PF: Could you identify with Bragg at all?
JI: Yes. I try and identify with everyone—I mean, there is an element of the rogue in me.
JI: In all of us, I think. And—playing a hard game, I can identify with anyone who does that, plays by the apparent rules. I don’t say he’s a great guy, but I can identify with him.
PF: What do you look for in a project? I remember a couple years ago, there was a time when you would do something like—and I dare not mention it—the last time I mentioned the movie’s name, you kind of scoffed at me. But, you said you did Dungeons and Dragons because it represented yet another brick in your Irish castle. Do you have such pragmatic attitudes now, or do you really have to be passionate about something?
JI: No, I need to earn my wages. I try not to—I mean, Dungeons and Dragons was a sort of anomaly for me, in that I was spending a lot of money on the castle, and they offered me a lot of money to do the picture. And I thought, “Yeah, come on.” What I hadn’t realized was that the director of that picture was very inexperienced, and therefore it wasn’t going to really work. But I’m afraid I had my palm crossed with silver. And so there’s an element of pragmatism. But I’ve always tried to—I’ve never wanted to work to support my lifestyle. But I do find that your lifestyle just tends to grow without you realizing. I have a lot of properties. None of which I rent, which surround the place in Ireland.
PF: Throughout Great Britain? Throughout the UK?
JI: Well, I have two in England. And five in Ireland. So it’s sort of crazy, you know?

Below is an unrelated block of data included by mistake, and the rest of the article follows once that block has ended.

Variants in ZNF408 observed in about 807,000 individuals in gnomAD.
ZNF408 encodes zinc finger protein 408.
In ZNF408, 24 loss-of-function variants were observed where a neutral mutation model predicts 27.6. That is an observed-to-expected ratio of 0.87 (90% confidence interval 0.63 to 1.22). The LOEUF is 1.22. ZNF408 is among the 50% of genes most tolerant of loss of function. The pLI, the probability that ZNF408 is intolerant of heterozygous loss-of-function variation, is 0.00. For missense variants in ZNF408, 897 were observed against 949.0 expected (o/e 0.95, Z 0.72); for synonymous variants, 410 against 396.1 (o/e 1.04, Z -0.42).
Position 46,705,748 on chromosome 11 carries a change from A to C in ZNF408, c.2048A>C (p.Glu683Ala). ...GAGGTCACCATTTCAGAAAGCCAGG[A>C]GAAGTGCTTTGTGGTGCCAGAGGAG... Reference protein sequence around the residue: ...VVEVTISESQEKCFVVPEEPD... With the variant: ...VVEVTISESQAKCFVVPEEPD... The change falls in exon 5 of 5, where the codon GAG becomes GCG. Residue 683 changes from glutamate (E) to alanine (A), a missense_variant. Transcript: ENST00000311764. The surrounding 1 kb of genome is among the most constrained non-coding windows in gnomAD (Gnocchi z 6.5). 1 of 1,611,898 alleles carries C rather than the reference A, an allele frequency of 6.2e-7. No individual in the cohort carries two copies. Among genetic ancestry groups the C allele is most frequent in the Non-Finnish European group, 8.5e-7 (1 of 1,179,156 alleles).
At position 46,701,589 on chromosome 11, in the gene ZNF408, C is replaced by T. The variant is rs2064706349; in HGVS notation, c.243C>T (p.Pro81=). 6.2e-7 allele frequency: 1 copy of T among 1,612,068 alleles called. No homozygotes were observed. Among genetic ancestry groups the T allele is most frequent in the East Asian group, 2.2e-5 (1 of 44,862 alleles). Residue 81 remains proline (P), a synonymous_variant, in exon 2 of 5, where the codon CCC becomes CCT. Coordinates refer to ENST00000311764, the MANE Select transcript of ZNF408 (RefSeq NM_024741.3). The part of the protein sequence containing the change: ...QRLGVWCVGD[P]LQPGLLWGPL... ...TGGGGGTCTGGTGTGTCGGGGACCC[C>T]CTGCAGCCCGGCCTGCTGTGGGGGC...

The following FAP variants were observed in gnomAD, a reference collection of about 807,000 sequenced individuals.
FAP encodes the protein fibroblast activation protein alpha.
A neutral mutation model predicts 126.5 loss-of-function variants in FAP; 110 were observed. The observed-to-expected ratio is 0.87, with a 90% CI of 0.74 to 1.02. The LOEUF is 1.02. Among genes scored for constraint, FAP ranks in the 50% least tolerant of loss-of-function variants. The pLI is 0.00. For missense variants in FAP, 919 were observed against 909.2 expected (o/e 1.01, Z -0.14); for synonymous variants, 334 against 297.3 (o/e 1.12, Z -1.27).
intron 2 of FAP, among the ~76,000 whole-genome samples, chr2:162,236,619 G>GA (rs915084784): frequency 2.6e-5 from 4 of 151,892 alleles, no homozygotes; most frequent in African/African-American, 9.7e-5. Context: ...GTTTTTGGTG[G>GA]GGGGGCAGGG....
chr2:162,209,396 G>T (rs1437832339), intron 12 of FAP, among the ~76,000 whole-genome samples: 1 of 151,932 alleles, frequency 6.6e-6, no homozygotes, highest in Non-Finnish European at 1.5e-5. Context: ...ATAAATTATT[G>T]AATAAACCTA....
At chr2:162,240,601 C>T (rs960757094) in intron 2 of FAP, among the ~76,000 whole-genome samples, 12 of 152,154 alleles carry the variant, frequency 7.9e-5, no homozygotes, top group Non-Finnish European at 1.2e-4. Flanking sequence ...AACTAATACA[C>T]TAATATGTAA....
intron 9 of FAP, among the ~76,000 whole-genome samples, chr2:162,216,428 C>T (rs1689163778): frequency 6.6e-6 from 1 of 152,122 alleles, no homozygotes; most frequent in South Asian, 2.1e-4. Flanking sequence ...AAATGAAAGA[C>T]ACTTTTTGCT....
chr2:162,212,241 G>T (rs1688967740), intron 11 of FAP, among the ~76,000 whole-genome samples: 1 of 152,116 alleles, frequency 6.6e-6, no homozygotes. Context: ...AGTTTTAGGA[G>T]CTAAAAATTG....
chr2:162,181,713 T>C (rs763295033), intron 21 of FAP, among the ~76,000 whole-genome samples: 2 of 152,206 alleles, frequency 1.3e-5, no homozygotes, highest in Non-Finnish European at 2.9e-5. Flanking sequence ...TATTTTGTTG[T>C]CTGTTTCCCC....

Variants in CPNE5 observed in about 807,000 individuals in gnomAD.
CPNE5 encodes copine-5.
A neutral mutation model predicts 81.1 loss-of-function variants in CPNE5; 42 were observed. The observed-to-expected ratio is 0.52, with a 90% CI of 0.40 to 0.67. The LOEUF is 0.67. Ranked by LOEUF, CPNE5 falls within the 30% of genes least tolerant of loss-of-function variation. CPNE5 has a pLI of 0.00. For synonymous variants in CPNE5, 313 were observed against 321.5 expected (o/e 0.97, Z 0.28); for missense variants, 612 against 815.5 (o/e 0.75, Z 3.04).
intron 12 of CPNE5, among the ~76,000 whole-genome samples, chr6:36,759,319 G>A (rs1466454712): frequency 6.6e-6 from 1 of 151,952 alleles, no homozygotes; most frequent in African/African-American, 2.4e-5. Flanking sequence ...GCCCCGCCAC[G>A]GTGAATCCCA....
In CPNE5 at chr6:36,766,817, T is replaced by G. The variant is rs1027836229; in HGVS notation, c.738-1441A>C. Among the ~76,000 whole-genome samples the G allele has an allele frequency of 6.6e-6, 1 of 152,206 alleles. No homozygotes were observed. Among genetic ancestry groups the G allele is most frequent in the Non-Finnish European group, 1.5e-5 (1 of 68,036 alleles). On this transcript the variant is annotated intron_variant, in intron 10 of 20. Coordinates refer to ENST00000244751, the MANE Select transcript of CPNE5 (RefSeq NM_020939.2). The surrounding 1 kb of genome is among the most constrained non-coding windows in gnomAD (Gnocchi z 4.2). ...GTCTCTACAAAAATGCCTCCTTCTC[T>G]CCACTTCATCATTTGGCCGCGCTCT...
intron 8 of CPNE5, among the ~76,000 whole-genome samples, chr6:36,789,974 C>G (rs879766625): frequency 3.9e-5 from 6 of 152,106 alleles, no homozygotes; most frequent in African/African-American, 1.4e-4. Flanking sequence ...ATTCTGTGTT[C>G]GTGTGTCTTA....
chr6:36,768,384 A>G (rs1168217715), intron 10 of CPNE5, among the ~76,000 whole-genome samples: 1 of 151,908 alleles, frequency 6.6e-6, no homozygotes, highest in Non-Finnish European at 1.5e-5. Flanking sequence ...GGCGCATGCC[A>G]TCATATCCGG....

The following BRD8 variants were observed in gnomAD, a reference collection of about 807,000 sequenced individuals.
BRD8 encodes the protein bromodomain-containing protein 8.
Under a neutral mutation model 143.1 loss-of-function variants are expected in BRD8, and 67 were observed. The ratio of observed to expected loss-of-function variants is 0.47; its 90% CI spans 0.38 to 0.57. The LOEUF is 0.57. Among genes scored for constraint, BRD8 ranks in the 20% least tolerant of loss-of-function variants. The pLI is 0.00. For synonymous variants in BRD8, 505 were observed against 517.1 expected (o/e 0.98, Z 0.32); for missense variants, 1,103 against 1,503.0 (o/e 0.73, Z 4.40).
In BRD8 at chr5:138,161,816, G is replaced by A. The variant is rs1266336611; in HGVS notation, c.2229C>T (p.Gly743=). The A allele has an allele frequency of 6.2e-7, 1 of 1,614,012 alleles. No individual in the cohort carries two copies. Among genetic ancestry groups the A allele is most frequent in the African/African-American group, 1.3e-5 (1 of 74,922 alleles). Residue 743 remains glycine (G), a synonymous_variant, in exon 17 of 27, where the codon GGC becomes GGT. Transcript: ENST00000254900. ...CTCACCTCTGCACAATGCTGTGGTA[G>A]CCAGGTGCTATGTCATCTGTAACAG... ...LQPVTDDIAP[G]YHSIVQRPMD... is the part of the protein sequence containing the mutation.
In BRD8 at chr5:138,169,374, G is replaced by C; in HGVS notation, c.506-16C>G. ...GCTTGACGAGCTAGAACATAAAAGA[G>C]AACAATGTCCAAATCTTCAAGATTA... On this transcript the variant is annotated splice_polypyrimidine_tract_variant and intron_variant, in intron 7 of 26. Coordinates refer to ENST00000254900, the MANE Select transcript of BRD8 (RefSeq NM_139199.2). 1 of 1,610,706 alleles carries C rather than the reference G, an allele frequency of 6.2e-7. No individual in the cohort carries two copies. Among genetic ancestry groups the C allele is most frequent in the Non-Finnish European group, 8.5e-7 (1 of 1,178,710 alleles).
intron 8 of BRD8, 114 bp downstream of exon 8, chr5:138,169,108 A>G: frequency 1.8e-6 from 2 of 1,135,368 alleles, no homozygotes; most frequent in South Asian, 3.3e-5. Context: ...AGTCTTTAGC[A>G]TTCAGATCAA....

PF: What do you do with them all? You can’t live in them all.
JI: Well, sometimes.
JI: We have a place in Dublin, because my wife has a Dublin son, grandson, she likes to get over and see, and wants to have a home there. I have the castle down in West Cork, which I did up over six years, which I adore. I have a little cottage where we used toil before, which at the moment I have a brother-in-law living in while we do up a farmhouse that he’s going to live in, that’s also half mine. You know, I love property. I love doing up property. And that’s tended to be where I put my money. But, of course, property—
PF: You don’t sell it. You just hold it.
JI: Yeah. Because it’s—I find these wonderful places, and can’t bear to get rid of them.
PF: How do you have time to act?
JI: Well, you mean get there and act.
PF: Right. And do all of that.
JI: Well, the great thing about filming is that—you know, you have these gaps. You go off and you work for four months, and then you can afford to—you know, do nothing the next four months.
PF: But it’s important to you to still do theatre.
JI: I’ve gone back to do theatre. But actually, that’s—really, that’s over the last two years. And I’ve been looking for a new play. In the last three years, rather, I’ve done two new plays. But really, that’s because I haven’t found the compelling work in film.
PF: Why is that?
JI: I think—I don’t know. I think it’s something to do with getting older. You know, there are a lot of us chasing the roles. If you think of people like Bill Hurt, Kevin Kline, Dustin Hoffman. They don’t work that often, because there aren’t that many roles around, which they really, really want. You know, in your 30s and your 40s, that’s when you’re really powering it. That’s when the roles come. Now, I think also it’s because I live in England. And I’m not a—when I’m not working, I’m not part of the community. Film community. I think that is a slight disadvantage, because out of sight, out of mind, a little bit. But I don’t know. I’m going off to do another play in New York, on Broadway, in January.